Archive for the ‘people watching’ Category

This Saturday, I went to the Orange County Christian Writer’s Fellowship Conference. I’d been nearly coming out of my skin for weeks, excited at the prospect of my first-ever real writer’s conference. I told you about submitting the first 20 pages of my manuscript into their contest back in February, and although I’ve managed to contain myself somewhat, I’ve been alternately excited, terrified and like a little kid on Christmas Eve for months. There would be experts! Editors! Agents! Helpful talks! Sweet people! Gobs of inspiration! I couldn’t wait.

Luckily, I wasn’t the only crazy one, since Sam registered with just as much gusto, gamely sent her writing in to be reviewed and contested and met me at her front door in a barely post-dawn sunshine, giggling like no one should before 7 a.m. on a Saturday. Her husband sleepily smiled at our fervor, reminding me of my own husband’s excited grin – the smile of a man who’s not sure why we’re so jazzed at the idea of taking notes all day, but who loves us enough to humor our wild whims. After the obligatory stop at Starbucks, we were off, Venti lattes in hand and jabbering away like two kids on the first day of school. Who would we meet? What should we say? AAAAAAAHHHHHHSOEXCITED. (That could have been the Ventis talking).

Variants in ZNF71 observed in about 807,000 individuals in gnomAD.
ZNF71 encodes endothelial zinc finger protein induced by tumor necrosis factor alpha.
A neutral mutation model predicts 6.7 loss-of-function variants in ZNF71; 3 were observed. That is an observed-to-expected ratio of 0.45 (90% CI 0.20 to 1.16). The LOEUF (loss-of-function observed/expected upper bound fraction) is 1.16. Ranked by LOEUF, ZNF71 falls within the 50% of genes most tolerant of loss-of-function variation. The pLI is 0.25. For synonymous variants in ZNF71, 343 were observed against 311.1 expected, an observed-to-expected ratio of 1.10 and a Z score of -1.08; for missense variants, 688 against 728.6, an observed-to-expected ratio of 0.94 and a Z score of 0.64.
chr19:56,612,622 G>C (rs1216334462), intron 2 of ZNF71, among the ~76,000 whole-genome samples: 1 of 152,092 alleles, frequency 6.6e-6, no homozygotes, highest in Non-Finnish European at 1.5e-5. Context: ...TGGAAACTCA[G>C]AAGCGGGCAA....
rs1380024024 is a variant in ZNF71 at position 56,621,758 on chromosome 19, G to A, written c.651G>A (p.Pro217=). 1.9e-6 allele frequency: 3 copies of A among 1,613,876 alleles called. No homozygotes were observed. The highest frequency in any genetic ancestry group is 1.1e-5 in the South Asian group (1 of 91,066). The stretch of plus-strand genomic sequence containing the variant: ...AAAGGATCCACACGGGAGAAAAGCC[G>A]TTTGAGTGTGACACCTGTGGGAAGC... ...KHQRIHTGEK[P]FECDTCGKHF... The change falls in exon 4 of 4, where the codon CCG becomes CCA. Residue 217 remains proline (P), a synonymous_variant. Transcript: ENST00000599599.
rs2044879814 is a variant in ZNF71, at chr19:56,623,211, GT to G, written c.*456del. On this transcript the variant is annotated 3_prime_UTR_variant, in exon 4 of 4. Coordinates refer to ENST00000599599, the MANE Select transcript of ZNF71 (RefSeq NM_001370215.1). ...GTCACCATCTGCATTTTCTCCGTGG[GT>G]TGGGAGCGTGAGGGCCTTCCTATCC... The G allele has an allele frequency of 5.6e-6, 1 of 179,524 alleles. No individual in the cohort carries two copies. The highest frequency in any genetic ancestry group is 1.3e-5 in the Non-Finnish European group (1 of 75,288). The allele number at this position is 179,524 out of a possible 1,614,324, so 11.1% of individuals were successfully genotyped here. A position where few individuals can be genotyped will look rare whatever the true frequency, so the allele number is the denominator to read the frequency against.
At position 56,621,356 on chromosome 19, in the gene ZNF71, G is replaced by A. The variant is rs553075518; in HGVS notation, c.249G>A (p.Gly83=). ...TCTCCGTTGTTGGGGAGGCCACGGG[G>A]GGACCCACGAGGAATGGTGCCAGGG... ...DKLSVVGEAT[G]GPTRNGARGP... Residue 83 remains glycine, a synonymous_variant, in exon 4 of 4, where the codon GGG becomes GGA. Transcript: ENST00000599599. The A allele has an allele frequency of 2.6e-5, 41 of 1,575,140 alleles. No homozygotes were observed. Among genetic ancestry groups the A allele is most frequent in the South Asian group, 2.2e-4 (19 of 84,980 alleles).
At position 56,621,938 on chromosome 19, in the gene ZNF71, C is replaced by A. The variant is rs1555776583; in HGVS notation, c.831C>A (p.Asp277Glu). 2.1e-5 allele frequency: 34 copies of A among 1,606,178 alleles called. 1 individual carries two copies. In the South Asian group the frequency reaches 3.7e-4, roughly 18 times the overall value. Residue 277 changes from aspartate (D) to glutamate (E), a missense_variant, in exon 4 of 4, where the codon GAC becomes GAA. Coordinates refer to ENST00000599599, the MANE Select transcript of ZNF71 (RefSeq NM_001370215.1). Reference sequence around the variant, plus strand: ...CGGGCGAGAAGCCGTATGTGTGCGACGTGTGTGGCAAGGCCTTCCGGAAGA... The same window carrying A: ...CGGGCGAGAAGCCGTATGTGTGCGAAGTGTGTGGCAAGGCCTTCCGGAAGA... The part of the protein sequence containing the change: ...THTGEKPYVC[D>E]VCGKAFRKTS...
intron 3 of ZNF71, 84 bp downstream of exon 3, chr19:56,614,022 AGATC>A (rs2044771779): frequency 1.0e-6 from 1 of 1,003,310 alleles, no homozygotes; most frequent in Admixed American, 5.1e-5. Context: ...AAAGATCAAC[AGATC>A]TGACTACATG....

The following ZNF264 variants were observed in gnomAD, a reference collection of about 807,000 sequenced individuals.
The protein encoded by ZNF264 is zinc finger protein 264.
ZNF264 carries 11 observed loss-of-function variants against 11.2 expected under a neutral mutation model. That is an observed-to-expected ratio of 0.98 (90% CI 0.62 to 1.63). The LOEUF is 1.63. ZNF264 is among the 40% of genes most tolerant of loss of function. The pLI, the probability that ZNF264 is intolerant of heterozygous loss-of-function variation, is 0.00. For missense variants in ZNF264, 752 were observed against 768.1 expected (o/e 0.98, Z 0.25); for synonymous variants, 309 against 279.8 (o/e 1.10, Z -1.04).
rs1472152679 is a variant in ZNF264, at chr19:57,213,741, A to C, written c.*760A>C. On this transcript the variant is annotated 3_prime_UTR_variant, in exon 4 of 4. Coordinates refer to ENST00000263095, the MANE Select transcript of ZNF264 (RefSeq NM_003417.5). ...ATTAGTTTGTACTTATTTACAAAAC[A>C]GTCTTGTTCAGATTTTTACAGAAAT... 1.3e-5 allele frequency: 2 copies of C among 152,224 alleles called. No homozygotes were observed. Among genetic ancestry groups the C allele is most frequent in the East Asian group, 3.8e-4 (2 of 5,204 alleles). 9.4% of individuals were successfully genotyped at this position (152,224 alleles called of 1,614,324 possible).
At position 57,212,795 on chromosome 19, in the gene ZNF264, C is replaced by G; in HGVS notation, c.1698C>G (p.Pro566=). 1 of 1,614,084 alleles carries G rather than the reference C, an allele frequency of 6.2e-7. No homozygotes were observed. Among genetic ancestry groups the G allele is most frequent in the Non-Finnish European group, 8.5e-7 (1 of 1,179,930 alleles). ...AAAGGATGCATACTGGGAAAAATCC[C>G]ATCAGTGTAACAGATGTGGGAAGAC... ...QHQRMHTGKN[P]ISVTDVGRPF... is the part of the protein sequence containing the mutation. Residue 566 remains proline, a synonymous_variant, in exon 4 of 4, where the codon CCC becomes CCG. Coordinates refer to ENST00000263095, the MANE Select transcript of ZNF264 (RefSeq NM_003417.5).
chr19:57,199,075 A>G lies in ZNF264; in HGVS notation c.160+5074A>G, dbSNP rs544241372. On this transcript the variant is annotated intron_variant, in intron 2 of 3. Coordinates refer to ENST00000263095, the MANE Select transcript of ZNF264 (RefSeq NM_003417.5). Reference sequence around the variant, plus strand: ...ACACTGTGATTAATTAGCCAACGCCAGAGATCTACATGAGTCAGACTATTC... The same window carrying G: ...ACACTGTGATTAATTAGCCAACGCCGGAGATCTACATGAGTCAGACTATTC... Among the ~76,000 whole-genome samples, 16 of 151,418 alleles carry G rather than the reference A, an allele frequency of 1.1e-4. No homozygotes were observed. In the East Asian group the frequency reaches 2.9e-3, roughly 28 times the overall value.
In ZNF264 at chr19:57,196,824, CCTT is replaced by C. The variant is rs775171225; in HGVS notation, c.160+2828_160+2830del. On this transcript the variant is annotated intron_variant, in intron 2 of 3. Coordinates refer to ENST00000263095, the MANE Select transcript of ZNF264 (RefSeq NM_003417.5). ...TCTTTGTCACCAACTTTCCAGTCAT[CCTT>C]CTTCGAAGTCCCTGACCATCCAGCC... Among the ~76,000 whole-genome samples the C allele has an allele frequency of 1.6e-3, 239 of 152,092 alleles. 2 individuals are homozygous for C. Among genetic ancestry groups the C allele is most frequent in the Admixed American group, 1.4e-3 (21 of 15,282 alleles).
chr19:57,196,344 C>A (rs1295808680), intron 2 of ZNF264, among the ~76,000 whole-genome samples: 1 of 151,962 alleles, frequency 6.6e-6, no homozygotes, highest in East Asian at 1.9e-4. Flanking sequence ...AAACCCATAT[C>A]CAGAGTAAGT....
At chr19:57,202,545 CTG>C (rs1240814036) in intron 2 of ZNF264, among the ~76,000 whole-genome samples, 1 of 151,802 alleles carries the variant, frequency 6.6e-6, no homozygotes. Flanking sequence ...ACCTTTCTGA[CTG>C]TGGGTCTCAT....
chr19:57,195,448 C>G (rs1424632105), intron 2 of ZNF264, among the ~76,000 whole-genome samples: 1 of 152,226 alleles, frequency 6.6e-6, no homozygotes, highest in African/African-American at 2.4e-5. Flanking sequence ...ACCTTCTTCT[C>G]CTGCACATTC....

We arrived and found our monthly writer’s critique group, a lovable bunch of journalers, poets, writers and bloggers from all walks of life and every generation. After hugs and exclamations we settled in, and one of the veteran conference attendees told us what to be prepared for and how to pick out our consultations – 15 minutes of fame with the agent, editor, or writer of your choice.